An experiment: Canvas vs. SVG vs. Flash

This experiment was inspired by Jackson Dunstan's latest Javascrip/AS3-Benchmark. The results are quite fascinating, anyway I was looking for a method that allowed me a more direct "experience", so I could develop a better feeling for the speed and responsiveness of the different render-methods. HTML5 is gaining momentum and in the near future we will increasingly often face the decision which method to choose for complex animations, canvas or svg. And then there is also flash...

The script draws a spirograph in real-time, alternatively as SVG or HTML5 canvas-element. Additionally I created a Flash-Demo for comparison. The properties of the spirograph can be adjusted with the sliders below, the current frame-rate is shown during the adjustment. This doesn't give us an exact benchmark but a good impression for the performance of the different browsers (svg and canvas is supported in IE only in its newest incarnation, the brand new IE 9.0, and I was too lazy to build a VML-version. Anyway I do not expect that there is a big future for VML. If you are visiting this site in Explorer: sorry for the inconvenience, Explorer-users!)

So here is the direct comparison of Canvas vs. SVG vs. Flash (Attention: "Rendermode SVG" can bring your machine to its knees!)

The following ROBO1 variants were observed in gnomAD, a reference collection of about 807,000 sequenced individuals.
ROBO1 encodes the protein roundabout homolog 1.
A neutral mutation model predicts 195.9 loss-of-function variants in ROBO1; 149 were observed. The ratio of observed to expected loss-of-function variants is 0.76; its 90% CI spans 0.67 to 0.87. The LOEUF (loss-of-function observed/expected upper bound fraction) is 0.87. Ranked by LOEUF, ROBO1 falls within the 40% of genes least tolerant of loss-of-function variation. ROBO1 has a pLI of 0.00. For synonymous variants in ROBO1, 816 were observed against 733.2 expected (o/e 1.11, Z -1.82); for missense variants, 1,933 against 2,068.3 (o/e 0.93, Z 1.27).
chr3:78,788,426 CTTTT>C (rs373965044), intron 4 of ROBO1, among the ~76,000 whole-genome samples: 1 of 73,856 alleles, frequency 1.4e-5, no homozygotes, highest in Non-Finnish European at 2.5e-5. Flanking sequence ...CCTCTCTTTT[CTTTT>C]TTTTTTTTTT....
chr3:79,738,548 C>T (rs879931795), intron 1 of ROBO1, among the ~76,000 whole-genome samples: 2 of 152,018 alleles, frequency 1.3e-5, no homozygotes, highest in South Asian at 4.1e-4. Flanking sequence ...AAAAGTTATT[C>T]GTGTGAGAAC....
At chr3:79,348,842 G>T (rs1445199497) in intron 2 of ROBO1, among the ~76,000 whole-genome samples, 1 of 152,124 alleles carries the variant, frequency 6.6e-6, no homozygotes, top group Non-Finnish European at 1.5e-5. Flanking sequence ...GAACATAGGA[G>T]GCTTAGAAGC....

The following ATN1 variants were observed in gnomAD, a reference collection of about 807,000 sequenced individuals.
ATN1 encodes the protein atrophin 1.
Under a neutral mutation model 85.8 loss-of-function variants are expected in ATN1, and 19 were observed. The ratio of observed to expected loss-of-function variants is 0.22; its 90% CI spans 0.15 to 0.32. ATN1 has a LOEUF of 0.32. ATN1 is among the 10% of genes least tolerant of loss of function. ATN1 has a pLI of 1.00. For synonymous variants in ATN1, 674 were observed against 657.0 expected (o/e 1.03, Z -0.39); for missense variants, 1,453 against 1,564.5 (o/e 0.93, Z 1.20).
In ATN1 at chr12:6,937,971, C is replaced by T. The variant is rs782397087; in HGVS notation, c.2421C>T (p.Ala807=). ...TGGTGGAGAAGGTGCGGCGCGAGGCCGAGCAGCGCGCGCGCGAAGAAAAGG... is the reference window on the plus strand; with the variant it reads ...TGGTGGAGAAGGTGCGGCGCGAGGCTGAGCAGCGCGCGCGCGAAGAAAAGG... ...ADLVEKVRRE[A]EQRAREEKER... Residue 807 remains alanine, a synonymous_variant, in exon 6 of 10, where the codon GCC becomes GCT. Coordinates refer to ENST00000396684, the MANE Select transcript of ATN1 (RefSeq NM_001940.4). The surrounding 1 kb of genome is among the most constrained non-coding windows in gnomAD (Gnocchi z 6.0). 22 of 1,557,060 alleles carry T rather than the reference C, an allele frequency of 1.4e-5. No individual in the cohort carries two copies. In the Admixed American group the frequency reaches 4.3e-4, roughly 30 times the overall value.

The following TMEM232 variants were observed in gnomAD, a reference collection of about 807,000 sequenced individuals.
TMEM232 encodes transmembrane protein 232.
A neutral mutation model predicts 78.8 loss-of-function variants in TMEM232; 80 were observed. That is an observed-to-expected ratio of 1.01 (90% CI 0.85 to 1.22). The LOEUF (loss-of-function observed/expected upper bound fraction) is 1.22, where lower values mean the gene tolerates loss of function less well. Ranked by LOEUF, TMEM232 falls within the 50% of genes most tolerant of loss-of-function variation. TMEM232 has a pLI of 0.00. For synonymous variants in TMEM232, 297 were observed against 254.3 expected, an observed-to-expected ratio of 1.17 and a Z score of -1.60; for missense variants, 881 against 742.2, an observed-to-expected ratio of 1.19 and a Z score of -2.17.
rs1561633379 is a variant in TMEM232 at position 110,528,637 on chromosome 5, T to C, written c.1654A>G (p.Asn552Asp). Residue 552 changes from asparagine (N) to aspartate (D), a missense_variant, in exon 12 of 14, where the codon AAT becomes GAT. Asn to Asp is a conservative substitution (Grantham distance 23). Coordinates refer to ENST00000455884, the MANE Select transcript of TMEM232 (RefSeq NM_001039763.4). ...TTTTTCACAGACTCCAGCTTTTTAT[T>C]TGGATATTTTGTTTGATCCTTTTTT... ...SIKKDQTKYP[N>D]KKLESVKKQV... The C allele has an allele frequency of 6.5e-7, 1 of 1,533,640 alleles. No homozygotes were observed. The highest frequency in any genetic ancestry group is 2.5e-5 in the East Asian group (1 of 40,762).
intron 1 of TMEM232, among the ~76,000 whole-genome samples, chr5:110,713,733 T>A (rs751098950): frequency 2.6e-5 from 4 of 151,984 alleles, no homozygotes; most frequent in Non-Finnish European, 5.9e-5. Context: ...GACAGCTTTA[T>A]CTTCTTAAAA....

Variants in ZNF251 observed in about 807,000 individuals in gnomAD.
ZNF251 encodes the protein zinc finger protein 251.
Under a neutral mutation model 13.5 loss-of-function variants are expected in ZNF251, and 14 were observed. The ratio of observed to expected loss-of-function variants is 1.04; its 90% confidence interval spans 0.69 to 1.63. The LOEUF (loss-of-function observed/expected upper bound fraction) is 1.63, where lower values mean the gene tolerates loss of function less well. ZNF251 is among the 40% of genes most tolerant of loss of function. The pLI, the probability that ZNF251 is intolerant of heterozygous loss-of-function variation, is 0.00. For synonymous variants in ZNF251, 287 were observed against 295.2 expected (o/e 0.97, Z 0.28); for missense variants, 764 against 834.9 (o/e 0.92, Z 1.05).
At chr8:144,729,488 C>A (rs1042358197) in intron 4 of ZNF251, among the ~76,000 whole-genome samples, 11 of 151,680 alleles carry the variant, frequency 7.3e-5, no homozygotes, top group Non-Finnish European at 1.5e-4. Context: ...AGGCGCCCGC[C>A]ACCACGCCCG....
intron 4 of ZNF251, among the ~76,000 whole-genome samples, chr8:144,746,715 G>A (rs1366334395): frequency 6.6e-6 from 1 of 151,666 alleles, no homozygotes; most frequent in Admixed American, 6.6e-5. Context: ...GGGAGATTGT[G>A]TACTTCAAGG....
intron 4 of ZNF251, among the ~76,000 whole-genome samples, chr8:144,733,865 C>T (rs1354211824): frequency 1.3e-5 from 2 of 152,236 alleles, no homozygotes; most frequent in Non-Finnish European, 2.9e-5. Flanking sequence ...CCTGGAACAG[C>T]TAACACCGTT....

Some Math:

More info about spirographs: Wikipedia helps. A spirograph is represented by this parametrical equitation (the derivation is not subject of this article):

x(t)=(R+r)cos(t) + p*cos((R+r)t/r)
y(t)=(R+r)sin(t) + p*sin((R+r)t/r)

I must admit that I choose to make things a little bit easier for me. Therefore the form you will see is not a spirograph but an epicycloid. It still looks nice, but I got away with only two sine/cosine calculations.


The spirograph will not be drawn pixel by pixel but we will leave gaps between the joints (joints are the little buttons in the graphic). The number of joints can be adjusted with the slider labelled "Particles", the more particles, the more exact the illustration and the more computations. The lines between the joints are approximated with a cubic beziere-curve. This part is a little bit tricky and I'm not really in the mood for explanations, maybe the diagram to the left can help a little ;)

By the way: choosing negative values for the radius will produce an erroneous graphic because the control-point of the curve is inverted. This could be corrected easily but it looks quite sexy, so in the end I choose to leave it this way...